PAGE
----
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M6 is well placed

Dominic Ford, Editor
From the Deep Sky feed

Objects: M6
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Across much of the world the butterfly open star cluster (M6, NGC 6405; mag 4.2) in Scorpius will be well placed, high in the sky. It will reach its highest point in the sky at around midnight local time.

At a declination of -32°15', it is easiest to see from the southern hemisphere but cannot be seen from latitudes much north of 37°N.

From Fairfield, it will not be readily observable since it will lie so far south that it will never rise more than 16° above the horizon.

Begin typing the name of a town near to you, and then select the town from the list of options which appear below.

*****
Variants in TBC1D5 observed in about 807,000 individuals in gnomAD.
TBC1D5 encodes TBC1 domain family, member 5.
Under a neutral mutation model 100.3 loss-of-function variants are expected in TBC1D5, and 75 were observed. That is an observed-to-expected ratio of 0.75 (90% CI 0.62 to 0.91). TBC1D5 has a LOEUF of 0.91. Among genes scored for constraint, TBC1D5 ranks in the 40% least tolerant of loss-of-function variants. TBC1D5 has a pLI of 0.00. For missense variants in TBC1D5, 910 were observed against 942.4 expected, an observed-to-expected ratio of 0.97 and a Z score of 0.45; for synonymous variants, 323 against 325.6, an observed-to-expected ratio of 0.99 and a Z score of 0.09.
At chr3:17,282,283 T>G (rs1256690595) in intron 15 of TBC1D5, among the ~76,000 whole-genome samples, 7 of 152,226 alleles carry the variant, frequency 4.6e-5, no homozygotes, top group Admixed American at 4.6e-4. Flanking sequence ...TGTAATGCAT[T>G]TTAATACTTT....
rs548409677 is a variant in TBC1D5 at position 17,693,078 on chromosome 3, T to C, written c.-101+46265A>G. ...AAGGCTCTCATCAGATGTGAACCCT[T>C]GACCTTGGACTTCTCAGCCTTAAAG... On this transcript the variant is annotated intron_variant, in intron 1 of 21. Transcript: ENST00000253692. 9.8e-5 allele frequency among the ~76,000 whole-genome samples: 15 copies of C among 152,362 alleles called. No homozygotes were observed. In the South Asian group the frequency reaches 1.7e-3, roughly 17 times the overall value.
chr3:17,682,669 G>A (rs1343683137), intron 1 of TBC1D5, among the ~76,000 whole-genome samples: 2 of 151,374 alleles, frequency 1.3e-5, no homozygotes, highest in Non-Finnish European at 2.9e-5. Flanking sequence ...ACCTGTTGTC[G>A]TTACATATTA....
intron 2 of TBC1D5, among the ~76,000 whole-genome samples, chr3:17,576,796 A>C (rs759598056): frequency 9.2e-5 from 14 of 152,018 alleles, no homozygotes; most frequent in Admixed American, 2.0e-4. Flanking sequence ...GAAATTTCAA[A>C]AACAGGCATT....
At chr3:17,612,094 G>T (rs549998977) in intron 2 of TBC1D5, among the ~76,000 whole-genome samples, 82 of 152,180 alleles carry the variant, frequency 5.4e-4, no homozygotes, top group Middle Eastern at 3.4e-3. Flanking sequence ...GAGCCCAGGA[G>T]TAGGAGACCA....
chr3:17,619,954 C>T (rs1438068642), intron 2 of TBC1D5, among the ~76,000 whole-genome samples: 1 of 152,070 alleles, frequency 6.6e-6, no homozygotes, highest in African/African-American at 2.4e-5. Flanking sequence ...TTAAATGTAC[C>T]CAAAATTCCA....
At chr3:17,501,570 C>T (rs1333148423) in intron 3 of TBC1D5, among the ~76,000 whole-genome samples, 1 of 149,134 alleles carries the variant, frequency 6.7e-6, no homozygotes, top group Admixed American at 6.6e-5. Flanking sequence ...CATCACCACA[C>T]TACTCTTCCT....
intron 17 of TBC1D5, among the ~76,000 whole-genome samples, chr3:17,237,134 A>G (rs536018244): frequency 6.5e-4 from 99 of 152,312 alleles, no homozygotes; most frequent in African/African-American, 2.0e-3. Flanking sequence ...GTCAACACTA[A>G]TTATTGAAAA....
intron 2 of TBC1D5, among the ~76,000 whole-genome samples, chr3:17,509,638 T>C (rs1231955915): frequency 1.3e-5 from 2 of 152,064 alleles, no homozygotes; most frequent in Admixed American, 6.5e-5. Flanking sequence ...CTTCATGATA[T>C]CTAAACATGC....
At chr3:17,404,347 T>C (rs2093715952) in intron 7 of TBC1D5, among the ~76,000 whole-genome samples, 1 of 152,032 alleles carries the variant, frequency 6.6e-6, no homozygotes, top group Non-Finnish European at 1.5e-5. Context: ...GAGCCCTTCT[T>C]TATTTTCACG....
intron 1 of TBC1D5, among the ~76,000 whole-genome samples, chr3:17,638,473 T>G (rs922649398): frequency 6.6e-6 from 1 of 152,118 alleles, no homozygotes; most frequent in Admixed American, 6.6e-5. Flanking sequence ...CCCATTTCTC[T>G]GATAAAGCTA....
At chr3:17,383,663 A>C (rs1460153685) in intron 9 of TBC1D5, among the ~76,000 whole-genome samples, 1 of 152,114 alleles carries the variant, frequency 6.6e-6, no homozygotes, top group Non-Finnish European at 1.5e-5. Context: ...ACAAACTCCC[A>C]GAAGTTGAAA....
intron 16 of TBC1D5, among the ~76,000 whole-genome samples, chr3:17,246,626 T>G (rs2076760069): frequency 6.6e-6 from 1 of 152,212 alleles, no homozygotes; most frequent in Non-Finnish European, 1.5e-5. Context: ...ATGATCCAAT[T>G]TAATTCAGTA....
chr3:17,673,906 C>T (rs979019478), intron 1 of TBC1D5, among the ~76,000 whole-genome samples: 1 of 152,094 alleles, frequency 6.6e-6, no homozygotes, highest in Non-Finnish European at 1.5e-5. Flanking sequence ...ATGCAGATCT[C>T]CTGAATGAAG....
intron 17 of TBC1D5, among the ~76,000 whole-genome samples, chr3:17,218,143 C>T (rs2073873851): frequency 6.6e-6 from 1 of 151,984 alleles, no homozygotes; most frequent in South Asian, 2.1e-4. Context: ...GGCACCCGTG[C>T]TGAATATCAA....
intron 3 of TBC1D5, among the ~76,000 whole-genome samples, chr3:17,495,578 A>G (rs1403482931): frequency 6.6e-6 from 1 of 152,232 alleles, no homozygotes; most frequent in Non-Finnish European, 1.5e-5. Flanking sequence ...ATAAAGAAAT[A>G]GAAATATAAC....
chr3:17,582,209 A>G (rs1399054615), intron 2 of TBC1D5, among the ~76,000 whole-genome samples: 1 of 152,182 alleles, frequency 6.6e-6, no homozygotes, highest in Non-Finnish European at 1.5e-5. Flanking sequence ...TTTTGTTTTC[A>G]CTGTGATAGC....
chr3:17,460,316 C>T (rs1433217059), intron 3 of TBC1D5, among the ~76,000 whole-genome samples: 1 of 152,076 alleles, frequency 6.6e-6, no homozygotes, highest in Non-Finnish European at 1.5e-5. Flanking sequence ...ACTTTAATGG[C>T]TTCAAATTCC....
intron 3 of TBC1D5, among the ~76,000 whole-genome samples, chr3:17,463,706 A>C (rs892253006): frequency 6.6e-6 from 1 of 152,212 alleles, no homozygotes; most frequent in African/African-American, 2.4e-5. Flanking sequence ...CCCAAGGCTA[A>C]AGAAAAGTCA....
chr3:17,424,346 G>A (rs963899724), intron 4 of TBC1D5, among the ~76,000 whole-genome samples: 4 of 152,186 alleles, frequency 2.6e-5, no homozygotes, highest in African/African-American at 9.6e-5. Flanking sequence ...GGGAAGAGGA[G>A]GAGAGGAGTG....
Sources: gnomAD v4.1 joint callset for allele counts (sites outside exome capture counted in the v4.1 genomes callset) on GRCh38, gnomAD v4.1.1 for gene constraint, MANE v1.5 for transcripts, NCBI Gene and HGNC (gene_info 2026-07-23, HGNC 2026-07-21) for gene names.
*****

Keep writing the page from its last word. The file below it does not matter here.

At magnitude 4.2, M6 is tricky to make out with the naked eye except from a dark site, but is visible through a pair of binoculars or small telescope.

The position of M6 is as follows:

Object Right Ascension Declination Constellation Magnitude Angular Size
M6 17h40m20s -32°15' Scorpius 4.2 15'00"

The coordinates above are given in J2000.0.

The sky on 17 June 2019
Twilight ends
Twilight begins

14-day old moon
Waning Gibbous


14 days old

Rise Culm. Set
Mercury 07:06 14:39 22:11
Venus 04:23 11:46 19:09
Moon 20:58 00:45 05:30
Mars 07:10 14:41 22:12
Jupiter 19:39 00:23 05:02
Saturn 21:47 02:33 07:15
All times shown in EDT.


The circumstances of this event were computed using the DE405 planetary ephemeris published by the Jet Propulsion Laboratory (JPL).

This event was automatically generated by searching the ephemeris for planetary alignments which are of interest to amateur astronomers, and the text above was generated based on an estimate of your location.

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